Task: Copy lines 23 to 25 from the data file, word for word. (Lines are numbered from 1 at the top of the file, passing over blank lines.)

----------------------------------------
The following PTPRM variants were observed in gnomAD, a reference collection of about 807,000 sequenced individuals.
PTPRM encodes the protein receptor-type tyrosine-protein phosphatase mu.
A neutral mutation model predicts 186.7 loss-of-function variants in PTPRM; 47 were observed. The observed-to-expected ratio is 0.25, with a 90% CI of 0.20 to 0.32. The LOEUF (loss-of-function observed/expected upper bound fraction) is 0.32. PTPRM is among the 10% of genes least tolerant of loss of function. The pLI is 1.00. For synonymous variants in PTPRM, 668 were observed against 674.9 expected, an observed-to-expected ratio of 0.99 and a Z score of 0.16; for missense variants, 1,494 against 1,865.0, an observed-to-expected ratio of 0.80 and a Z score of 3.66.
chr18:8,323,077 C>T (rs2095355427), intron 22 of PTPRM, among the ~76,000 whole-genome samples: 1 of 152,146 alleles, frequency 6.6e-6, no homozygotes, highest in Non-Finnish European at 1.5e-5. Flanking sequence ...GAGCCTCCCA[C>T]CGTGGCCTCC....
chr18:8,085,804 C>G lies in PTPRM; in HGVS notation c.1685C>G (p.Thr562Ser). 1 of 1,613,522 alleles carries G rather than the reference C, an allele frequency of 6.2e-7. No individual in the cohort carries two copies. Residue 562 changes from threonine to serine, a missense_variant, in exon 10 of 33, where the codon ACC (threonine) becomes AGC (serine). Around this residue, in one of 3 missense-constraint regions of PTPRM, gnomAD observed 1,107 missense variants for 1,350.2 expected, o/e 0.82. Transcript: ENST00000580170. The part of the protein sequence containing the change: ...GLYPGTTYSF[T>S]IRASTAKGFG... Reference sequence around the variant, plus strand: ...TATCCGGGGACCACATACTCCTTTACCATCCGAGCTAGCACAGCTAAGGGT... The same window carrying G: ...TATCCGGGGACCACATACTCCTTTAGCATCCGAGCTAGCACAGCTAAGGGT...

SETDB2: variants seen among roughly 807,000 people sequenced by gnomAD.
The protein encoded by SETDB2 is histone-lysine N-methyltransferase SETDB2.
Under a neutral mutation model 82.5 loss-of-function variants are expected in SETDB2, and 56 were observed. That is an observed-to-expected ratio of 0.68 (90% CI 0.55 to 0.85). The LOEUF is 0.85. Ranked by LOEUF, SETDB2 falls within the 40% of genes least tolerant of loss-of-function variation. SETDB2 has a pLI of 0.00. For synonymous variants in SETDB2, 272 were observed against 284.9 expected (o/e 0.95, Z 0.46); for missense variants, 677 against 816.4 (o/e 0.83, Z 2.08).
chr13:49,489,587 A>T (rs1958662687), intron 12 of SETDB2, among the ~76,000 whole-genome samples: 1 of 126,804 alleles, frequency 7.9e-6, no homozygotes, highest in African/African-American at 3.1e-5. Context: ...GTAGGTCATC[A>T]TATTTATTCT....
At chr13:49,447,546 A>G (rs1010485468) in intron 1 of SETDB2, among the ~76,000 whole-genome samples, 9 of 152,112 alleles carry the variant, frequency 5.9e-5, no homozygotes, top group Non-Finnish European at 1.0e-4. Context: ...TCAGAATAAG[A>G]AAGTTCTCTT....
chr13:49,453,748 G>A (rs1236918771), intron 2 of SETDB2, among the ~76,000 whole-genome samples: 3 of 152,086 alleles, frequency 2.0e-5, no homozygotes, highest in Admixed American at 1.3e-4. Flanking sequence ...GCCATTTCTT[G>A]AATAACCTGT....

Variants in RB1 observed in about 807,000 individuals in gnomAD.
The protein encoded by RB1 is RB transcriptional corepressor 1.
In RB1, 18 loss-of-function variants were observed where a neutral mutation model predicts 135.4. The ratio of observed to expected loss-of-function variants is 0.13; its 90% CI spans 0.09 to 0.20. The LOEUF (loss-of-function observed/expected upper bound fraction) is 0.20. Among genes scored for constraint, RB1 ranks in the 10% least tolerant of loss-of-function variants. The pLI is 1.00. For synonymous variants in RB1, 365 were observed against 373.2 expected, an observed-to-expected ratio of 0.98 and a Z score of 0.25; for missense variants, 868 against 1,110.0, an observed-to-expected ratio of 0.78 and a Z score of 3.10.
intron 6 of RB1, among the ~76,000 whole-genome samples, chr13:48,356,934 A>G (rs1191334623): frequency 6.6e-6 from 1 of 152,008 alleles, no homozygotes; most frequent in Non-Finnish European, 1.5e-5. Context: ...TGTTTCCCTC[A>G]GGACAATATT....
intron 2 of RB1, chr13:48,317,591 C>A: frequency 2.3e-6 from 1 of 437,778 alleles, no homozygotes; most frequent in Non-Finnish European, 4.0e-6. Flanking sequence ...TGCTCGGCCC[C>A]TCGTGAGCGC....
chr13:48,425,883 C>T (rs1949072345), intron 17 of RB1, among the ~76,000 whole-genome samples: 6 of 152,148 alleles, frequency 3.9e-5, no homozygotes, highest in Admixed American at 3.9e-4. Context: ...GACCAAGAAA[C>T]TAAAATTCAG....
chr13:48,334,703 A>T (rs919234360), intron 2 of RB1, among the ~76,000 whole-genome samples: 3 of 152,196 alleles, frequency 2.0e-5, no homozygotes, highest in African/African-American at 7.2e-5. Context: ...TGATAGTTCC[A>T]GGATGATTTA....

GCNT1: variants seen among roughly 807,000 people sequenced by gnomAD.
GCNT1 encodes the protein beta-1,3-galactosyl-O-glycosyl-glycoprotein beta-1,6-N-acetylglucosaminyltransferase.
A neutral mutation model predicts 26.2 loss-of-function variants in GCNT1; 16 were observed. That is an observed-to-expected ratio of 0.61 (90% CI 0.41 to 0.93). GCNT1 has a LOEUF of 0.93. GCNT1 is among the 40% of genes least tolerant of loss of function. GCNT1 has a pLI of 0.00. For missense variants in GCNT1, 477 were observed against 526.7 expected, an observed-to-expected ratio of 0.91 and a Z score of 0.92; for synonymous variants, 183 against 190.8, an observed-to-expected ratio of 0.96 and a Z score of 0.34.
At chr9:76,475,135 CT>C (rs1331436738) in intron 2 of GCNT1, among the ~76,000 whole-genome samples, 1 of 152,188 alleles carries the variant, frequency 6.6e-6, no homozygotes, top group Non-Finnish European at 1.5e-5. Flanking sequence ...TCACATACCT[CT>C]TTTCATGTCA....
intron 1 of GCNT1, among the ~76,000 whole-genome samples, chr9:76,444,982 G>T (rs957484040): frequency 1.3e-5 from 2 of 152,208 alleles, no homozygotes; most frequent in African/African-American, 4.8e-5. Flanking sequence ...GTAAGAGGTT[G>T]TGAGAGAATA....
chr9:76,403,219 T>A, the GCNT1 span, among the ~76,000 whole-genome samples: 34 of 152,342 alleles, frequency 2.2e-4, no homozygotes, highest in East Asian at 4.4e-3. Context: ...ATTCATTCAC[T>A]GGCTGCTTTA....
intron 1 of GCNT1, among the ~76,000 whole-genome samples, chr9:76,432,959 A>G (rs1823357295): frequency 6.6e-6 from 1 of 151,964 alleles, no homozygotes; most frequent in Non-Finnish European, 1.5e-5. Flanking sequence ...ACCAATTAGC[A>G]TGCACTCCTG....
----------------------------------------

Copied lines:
intron 1 of GCNT1, among the ~76,000 whole-genome samples, chr9:76,444,982 G>T (rs957484040): frequency 1.3e-5 from 2 of 152,208 alleles, no homozygotes; most frequent in African/African-American, 4.8e-5. Flanking sequence ...GTAAGAGGTT[G>T]TGAGAGAATA....
chr9:76,403,219 T>A, the GCNT1 span, among the ~76,000 whole-genome samples: 34 of 152,342 alleles, frequency 2.2e-4, no homozygotes, highest in East Asian at 4.4e-3. Context: ...ATTCATTCAC[T>A]GGCTGCTTTA....
intron 1 of GCNT1, among the ~76,000 whole-genome samples, chr9:76,432,959 A>G (rs1823357295): frequency 6.6e-6 from 1 of 151,964 alleles, no homozygotes; most frequent in Non-Finnish European, 1.5e-5. Flanking sequence ...ACCAATTAGC[A>G]TGCACTCCTG....